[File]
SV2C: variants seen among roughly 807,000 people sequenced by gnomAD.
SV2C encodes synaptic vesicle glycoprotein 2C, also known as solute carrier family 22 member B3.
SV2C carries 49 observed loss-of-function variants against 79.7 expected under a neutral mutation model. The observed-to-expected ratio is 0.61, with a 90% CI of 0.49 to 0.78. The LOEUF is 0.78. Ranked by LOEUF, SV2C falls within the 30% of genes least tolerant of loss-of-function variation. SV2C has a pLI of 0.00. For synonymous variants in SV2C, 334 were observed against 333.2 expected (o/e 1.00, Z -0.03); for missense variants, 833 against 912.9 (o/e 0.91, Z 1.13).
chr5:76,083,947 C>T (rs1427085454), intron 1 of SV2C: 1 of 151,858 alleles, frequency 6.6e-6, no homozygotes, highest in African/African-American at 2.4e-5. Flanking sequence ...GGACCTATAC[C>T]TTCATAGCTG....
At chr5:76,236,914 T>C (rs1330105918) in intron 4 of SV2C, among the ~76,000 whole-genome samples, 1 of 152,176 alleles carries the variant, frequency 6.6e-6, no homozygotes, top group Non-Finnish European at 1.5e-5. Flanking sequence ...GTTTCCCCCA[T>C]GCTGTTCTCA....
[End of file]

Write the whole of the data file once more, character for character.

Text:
SV2C: variants seen among roughly 807,000 people sequenced by gnomAD.
SV2C encodes synaptic vesicle glycoprotein 2C, also known as solute carrier family 22 member B3.
SV2C carries 49 observed loss-of-function variants against 79.7 expected under a neutral mutation model. The observed-to-expected ratio is 0.61, with a 90% CI of 0.49 to 0.78. The LOEUF is 0.78. Ranked by LOEUF, SV2C falls within the 30% of genes least tolerant of loss-of-function variation. SV2C has a pLI of 0.00. For synonymous variants in SV2C, 334 were observed against 333.2 expected (o/e 1.00, Z -0.03); for missense variants, 833 against 912.9 (o/e 0.91, Z 1.13).
chr5:76,083,947 C>T (rs1427085454), intron 1 of SV2C: 1 of 151,858 alleles, frequency 6.6e-6, no homozygotes, highest in African/African-American at 2.4e-5. Flanking sequence ...GGACCTATAC[C>T]TTCATAGCTG....
At chr5:76,236,914 T>C (rs1330105918) in intron 4 of SV2C, among the ~76,000 whole-genome samples, 1 of 152,176 alleles carries the variant, frequency 6.6e-6, no homozygotes, top group Non-Finnish European at 1.5e-5. Flanking sequence ...GTTTCCCCCA[T>C]GCTGTTCTCA....